May happy to be unpredictable
Jonny May promises to keep Twickenham guessing in Sunday's RBS 6 Nations title showdown between England and Wales by continuing to operate on instinct alone.
May insists he is at his most potent when playing without thinking in a labyrinthine running style that beguiles players, management and supporters in equal measure.
England head coach Stuart Lancaster describes the unpredictable Gloucester wing as "unorthodox, creating fear in the opposition because he has such fantastic footwork and pace".
And his darting runs have caught the attention of Warren Gatland, Lancaster's opposite number with Wales, who notes: "He's not too sure of which way he's going and I'm not too sure if their players know which way he's going either".
The 23-year-old, viewed as having the 'X-factor' by Lancaster, agrees with Gatland that even he is unsure about the route he is plotting through the opposition defence.
"It really is playing on instinct. When I'm out there I'm at my best when I'm not thinking, having just a clear head," May said.
"I react to what's in front of me and play what's second nature.
"I react late and don't make my mind up, or I make my mind up at the last minute, or maybe I don't need to make my mind up....I don't necessarily know what I'm going to do.
"That's just the way I am and that's the way I want to keep playing because that's when I feel I'm at my most dangerous. I have to give it everything I've got.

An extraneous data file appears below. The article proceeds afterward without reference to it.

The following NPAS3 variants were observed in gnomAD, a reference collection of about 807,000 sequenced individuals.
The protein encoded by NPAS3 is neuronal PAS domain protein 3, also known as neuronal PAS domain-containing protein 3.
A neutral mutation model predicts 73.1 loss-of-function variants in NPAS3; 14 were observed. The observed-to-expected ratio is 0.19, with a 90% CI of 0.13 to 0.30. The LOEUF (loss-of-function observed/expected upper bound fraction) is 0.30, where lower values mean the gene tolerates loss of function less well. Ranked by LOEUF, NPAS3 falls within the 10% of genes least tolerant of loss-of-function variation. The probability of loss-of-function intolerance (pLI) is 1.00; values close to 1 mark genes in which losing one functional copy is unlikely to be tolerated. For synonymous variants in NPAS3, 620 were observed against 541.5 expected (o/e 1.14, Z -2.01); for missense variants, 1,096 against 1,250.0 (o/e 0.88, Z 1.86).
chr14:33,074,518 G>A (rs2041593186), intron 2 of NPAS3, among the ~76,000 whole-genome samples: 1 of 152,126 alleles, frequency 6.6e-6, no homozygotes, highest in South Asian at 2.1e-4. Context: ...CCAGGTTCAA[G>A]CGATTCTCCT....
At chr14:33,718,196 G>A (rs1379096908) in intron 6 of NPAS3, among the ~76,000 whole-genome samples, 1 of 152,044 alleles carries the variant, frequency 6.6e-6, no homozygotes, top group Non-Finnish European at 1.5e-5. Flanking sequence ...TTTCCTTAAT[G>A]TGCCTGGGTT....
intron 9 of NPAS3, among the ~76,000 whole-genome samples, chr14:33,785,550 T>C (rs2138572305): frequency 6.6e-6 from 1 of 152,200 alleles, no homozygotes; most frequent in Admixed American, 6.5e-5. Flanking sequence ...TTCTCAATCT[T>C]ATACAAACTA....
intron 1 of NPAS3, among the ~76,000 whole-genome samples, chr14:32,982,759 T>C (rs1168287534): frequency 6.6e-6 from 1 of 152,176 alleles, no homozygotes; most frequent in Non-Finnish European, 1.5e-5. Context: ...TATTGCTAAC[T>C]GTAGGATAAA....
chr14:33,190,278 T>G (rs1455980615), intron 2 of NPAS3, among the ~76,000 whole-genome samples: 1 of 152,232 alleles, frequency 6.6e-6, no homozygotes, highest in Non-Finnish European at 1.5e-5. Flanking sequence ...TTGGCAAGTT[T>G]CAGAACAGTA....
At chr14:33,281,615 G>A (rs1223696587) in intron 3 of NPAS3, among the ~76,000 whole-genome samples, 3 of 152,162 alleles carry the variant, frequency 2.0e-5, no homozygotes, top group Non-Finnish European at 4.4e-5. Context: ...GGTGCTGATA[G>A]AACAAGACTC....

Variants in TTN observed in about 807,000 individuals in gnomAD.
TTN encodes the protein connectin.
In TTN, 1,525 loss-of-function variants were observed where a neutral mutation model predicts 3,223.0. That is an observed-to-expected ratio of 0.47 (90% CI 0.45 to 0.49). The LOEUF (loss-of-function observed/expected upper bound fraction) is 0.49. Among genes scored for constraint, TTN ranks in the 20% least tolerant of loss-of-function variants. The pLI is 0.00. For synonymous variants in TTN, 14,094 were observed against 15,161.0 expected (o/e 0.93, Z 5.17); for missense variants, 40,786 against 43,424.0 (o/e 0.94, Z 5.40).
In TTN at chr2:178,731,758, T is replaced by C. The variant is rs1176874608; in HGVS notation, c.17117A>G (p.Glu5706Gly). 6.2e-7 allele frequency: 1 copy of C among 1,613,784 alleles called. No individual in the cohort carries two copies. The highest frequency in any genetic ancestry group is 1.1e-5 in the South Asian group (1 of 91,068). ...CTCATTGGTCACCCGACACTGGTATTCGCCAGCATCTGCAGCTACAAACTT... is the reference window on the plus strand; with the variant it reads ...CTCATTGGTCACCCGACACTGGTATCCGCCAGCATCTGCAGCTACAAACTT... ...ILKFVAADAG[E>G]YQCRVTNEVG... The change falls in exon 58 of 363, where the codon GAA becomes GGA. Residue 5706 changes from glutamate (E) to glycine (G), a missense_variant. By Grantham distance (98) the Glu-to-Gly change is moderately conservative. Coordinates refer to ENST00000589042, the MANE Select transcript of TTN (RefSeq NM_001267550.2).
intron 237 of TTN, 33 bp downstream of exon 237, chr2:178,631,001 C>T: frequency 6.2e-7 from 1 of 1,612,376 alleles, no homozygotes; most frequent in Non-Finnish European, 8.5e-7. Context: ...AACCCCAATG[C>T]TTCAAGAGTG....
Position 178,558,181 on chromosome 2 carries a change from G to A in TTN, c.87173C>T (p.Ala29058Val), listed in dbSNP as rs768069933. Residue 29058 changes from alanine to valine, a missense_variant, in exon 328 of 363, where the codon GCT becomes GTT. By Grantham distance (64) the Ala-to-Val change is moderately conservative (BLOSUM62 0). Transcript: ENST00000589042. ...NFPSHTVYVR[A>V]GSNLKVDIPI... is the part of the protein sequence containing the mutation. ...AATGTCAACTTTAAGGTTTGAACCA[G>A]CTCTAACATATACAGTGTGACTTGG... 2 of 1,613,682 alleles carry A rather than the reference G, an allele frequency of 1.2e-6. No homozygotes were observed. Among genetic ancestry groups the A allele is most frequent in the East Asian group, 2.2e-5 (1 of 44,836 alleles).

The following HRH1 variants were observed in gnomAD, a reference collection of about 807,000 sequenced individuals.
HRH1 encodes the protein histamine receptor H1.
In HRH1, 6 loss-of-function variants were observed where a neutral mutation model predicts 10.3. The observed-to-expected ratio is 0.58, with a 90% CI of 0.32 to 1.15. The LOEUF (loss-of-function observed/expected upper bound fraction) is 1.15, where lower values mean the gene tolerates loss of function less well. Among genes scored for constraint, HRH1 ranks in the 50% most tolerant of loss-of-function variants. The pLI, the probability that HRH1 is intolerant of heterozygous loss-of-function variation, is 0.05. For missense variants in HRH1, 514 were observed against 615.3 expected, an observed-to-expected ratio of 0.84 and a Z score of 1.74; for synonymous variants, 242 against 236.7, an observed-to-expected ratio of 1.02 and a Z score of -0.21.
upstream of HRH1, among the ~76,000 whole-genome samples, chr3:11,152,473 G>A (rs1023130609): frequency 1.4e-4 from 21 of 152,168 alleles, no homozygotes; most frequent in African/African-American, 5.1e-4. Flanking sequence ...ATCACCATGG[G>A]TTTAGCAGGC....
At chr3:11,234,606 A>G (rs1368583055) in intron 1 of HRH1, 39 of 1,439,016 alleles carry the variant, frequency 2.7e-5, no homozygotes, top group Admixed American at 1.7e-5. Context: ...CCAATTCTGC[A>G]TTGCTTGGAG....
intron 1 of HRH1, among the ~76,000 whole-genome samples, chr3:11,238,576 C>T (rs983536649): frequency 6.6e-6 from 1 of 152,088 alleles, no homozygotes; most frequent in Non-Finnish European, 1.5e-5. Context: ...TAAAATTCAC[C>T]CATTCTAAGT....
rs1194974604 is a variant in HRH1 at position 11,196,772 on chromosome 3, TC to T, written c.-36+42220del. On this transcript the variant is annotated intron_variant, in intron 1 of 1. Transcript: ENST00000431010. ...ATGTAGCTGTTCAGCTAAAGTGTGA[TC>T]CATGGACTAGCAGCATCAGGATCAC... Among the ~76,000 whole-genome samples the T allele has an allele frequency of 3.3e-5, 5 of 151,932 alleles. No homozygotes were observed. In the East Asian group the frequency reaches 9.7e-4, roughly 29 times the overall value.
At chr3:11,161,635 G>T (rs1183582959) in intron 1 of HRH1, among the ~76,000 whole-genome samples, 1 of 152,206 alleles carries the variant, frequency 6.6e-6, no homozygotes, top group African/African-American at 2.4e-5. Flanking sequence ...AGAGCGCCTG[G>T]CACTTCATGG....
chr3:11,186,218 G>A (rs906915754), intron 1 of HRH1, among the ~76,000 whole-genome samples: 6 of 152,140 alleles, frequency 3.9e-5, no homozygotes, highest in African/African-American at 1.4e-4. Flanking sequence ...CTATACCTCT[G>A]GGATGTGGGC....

"When I defend I know that when people stand deep, almost knowing what they're going to do before they get the ball, they are easier to read.
"But people who make the decision late and don't necessarily know what they're going to do tend to be a little harder to defend against."
May has impressed throughout the Six Nations and on the evidence of his four caps is unfazed by international rugby.
But with wing Marland Yarde and centre Manu Tuilagi restored to fitness and threatening to break back into the starting XV, May knows he can ill-afford to allow any more try-scoring opportunities slip from his grasp.
At end of a 17-phase move in the 13-10 victory over Ireland, he dropped the ball over the line and, while he was riding a double tackle from Andrew Trimble and Conor Murray at the time, it was a chance that had to be put away.
"Stuart told me 'you've got to finish that'. Everybody knows it, I know it," May said.
"There's no point going too hard on me or looking into it too much. It's just one of those things
"I managed to get my hands on the ball quite a lot early on and made quite a few yards
"But on top of that I had to finish that opportunity. I felt like I'd almost done the hard work, working off that wing and beating that last defender.
"I'd already got over the line so I didn't really need to put it down with one hand.
"It should have been safe under one arm but their defenders did a really good job of knocking it out of my hand before I'd put it down.
"But I've learnt from it and have moved on. Overall I was really pleased with my game."
May will continue on the left wing when England name their team to face Wales on Friday morning.
Ben Morgan will start at number eight in the only change to the starting XV, replacing the injured Billy Vunipola, with Tom Johnson taking Morgan's place on the bench.